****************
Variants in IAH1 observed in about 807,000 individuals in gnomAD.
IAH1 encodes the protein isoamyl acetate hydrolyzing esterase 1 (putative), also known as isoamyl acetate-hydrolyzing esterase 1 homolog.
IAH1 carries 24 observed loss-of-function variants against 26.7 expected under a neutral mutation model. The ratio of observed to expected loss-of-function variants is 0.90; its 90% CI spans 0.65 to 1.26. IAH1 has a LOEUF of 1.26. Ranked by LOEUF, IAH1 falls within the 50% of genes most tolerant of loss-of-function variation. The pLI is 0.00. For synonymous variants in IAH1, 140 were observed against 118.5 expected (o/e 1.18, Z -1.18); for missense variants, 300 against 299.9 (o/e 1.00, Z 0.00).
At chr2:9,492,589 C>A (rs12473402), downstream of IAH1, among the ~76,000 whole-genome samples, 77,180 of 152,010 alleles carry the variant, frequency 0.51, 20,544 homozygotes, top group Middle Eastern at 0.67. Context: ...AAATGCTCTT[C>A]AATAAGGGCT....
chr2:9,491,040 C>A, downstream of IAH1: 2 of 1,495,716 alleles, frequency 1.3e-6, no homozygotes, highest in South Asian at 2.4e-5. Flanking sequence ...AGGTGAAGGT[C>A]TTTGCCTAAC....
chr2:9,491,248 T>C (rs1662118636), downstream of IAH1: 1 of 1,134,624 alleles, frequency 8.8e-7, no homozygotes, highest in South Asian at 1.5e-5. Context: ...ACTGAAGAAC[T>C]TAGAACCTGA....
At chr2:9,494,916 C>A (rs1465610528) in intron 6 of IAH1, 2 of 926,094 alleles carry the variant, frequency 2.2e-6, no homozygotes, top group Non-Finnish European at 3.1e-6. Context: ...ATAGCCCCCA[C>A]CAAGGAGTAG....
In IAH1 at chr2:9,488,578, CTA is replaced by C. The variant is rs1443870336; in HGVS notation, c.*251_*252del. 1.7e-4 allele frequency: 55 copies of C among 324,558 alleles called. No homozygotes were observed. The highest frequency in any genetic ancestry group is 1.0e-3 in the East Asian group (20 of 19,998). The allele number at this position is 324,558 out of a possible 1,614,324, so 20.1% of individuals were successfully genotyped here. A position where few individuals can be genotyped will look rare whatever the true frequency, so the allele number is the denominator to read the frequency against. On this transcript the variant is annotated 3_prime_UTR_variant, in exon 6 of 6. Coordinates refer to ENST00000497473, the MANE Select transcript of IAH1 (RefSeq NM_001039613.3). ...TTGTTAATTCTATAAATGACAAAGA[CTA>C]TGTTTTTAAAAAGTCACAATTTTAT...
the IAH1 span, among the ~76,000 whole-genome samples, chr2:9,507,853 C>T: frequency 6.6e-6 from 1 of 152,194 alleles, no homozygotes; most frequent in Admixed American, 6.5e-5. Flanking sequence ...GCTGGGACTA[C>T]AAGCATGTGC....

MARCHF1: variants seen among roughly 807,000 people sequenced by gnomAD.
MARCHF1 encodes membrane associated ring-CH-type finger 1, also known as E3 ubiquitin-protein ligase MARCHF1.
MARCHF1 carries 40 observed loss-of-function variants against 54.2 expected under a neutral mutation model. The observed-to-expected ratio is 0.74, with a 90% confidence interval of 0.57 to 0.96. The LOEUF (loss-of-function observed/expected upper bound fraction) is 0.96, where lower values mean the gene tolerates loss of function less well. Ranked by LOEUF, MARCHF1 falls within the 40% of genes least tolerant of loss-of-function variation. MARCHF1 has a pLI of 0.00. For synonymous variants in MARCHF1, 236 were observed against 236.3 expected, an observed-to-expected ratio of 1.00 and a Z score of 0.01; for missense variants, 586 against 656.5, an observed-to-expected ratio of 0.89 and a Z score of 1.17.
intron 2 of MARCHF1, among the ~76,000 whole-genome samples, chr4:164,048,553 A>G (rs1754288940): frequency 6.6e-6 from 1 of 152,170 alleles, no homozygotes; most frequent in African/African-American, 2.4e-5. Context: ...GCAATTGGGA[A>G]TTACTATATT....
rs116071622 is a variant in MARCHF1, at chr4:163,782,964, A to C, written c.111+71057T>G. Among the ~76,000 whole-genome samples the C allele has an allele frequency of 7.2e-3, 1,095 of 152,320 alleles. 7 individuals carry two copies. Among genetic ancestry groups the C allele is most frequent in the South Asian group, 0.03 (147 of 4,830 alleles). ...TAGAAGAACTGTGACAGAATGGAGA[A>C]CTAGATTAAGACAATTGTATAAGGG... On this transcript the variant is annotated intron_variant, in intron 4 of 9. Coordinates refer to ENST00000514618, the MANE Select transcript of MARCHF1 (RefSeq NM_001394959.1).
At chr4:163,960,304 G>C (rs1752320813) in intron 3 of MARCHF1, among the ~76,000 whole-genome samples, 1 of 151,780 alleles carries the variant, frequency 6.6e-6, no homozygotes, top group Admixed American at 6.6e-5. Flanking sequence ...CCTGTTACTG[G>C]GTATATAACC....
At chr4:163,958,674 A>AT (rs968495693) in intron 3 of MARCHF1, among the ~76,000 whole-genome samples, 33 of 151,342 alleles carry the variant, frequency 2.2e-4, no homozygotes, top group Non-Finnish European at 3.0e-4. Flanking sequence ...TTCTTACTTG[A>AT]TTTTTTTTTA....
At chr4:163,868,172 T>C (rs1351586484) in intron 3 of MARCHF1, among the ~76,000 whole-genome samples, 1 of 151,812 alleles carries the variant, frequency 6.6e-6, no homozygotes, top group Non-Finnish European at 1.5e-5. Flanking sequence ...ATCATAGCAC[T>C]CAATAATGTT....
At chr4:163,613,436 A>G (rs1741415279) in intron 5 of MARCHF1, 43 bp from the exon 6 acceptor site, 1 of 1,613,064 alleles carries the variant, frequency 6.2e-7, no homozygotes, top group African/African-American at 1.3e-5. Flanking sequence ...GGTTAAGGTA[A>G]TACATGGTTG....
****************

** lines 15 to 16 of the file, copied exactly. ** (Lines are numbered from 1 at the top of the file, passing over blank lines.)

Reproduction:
At chr4:163,960,304 G>C (rs1752320813) in intron 3 of MARCHF1, among the ~76,000 whole-genome samples, 1 of 151,780 alleles carries the variant, frequency 6.6e-6, no homozygotes, top group Admixed American at 6.6e-5. Flanking sequence ...CCTGTTACTG[G>C]GTATATAACC....
At chr4:163,958,674 A>AT (rs968495693) in intron 3 of MARCHF1, among the ~76,000 whole-genome samples, 33 of 151,342 alleles carry the variant, frequency 2.2e-4, no homozygotes, top group Non-Finnish European at 3.0e-4. Flanking sequence ...TTCTTACTTG[A>AT]TTTTTTTTTA....